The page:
Thisaphone Sothiphakhak, 39, was handcuffed in his Minneapolis home by Immigration Enforcement agents, stuffed in the back of a squad car and booked into jail. There he stayed for two weeks without a hearing before being served with an order for deportation.
Sothiphakhak is a Laotian refugee who flew to America when he was four years old, on the heels of a father who’d fought in the Vietnam War on the side of Americans against the brewing communist insurgency. Sothiphakhak lived his whole life in Minnesota, spinning discs at Club Jager as DJ Teace and working part-time at a cheese shop in the Midtown Global Market.
But in 1997, Sothiphakhak was busted for picking up a package stuffed with nearly two pounds of weed from the post office. A friend had asked him to do it as a favor. He didn’t ask any questions.
He ended up serving less than two weeks in the Dakota County workhouse. The friend disappeared.
Eighteen years after Sothiphakhak got the drug charge expunged, ICE suddenly caught wind of the original charge of fifth-degree possession of marijuana and filed for deportation.
It would be a long, encumbered process of proving to the government that his life was based in America, that he’d never known another country, and probably couldn’t survive anywhere else. Laos doesn’t have a repatriation treaty with the United States anyway, his lawyer, Matt Streff, argued. Even if Sothiphakhak were ordered deported to his country he’d only known as an infant, Laos wouldn’t take him back. They submitted an application for relief from deportation. City Pages covered his story in April.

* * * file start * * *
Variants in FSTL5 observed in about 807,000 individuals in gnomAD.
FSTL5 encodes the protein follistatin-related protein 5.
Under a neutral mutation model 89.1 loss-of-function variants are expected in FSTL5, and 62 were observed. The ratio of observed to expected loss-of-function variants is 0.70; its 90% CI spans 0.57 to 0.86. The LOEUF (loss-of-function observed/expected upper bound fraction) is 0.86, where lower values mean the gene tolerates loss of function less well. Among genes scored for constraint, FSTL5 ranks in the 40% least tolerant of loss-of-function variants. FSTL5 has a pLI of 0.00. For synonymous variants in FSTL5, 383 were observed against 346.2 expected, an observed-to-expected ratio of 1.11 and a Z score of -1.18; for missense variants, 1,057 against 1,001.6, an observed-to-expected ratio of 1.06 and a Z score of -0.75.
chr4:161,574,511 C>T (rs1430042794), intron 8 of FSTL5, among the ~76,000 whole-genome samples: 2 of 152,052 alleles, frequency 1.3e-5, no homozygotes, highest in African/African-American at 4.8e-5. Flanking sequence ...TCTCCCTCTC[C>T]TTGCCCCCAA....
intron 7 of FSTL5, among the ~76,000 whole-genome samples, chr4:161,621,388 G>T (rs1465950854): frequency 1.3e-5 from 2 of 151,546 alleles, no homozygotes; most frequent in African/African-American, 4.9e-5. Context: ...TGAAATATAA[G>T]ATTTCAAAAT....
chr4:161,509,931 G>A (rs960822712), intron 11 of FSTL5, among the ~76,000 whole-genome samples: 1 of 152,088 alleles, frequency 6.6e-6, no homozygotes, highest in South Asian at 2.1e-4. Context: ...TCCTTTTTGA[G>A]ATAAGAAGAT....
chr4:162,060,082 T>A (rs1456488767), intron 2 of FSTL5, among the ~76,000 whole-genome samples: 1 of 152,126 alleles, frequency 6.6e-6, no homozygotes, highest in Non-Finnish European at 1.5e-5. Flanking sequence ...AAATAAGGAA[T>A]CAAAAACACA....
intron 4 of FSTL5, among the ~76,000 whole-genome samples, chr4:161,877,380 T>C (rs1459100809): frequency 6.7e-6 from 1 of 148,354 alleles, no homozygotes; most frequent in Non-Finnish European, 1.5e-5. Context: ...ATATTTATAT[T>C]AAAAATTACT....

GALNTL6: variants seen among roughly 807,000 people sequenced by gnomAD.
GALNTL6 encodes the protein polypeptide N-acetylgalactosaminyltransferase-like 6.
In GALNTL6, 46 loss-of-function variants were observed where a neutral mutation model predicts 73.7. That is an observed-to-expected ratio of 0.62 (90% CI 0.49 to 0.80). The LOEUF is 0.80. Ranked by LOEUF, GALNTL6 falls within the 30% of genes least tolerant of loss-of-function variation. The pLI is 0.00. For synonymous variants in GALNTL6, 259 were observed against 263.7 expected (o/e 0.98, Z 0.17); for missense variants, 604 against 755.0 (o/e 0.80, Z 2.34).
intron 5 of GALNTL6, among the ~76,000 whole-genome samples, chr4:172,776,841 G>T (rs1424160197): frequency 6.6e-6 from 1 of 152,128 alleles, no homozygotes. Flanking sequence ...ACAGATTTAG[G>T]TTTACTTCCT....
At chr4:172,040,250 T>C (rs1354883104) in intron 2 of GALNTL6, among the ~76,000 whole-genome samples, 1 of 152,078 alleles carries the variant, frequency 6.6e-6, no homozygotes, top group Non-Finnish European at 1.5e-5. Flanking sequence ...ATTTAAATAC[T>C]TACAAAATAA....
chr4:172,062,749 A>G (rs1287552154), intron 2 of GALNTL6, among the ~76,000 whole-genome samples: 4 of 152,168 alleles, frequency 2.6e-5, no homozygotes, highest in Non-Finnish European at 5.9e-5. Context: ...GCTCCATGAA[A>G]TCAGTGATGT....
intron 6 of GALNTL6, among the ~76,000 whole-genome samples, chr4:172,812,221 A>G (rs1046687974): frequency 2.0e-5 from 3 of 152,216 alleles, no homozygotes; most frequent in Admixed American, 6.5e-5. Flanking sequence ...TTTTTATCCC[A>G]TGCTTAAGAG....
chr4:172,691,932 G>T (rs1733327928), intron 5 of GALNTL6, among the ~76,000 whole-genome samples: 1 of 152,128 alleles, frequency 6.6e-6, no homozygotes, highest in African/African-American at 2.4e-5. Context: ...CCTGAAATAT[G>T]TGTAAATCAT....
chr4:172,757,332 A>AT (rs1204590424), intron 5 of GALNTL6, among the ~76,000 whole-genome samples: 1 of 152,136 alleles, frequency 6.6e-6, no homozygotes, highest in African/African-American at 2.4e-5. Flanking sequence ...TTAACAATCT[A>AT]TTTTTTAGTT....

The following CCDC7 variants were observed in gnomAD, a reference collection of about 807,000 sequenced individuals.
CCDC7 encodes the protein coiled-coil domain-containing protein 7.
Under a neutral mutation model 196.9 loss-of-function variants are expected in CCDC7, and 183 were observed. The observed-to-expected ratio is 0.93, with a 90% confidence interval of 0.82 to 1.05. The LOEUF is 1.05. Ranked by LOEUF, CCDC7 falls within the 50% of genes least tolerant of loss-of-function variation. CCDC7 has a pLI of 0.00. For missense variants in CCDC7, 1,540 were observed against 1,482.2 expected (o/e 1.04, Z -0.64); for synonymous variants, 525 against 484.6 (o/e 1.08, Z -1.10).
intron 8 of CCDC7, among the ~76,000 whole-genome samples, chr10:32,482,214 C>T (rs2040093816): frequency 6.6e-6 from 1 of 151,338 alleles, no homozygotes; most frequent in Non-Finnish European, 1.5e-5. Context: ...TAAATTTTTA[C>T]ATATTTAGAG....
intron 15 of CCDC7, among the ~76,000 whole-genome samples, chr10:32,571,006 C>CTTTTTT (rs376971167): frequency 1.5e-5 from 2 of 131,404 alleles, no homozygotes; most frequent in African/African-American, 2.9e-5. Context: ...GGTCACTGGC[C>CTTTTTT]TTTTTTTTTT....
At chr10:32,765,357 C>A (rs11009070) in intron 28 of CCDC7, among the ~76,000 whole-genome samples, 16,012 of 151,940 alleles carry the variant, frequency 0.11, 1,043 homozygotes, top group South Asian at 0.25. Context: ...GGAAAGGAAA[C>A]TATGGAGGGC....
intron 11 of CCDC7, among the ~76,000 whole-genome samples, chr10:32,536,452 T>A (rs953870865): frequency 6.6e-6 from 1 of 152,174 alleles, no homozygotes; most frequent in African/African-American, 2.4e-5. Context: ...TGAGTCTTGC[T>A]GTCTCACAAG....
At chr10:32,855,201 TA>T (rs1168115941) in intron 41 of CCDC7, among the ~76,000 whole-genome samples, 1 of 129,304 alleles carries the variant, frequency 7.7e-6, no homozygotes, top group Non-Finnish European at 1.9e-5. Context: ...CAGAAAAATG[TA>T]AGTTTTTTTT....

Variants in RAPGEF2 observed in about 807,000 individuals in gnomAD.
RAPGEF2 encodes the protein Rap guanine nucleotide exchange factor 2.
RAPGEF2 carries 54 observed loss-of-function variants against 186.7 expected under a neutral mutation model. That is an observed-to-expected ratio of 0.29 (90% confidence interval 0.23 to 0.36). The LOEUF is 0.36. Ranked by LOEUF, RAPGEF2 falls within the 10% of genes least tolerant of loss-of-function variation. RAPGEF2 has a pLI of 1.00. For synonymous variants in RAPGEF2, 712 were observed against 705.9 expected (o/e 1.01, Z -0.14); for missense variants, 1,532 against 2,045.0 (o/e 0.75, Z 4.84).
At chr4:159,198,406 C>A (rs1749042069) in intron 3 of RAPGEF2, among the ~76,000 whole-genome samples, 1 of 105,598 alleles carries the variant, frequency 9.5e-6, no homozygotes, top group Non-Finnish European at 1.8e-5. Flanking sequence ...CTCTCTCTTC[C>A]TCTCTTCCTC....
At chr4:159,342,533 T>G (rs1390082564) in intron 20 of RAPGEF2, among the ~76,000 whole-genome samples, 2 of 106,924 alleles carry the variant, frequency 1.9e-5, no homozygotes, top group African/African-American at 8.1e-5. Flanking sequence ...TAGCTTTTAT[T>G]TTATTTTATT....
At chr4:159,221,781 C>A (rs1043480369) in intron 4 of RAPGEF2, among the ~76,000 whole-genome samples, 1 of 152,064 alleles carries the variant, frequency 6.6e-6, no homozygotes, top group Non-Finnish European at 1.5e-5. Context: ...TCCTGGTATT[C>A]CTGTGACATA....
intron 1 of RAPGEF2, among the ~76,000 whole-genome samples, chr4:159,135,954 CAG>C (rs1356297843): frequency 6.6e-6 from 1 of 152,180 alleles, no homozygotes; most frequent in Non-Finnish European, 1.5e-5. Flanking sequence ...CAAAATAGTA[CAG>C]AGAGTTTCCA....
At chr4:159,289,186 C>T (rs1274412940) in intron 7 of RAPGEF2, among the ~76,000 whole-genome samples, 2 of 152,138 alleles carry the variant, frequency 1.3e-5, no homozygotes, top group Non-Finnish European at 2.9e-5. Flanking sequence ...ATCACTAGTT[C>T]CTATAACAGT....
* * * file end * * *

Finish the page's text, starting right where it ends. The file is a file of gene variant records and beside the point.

Wednesday morning, Sothiphakhak reported to Judge William Nickerson Jr. for his final hearing. He wore a sleeveless black shirt imprinted with “Illegal” across the chest in a sign of protest.
The prosecutor made no objections to his petition to stay in the country, presumably cognizant that Sothiphakhak was no drug dealer or murderer, the likes of which Immigration is supposed to be working around the clock to kick out of the country.
“Can you promise me you’ll stay out of trouble?” Nickerson asked Sopithakak. “I need to stress this is a one-time grant. If you end up back here, I’ll have no choice but to order you deported.”
“I’ll try to,” Sothiphakhak answered. “I’m a fairly decent guy.”
The judge threw up his hands. “You can all go.”
Outside the courtroom, Sothiphakhak embraced his red-faced lawyer and shook his stepdad’s hand.
“No compromise, the dude abides,” he said to the friends who supported him through the four-month ordeal.
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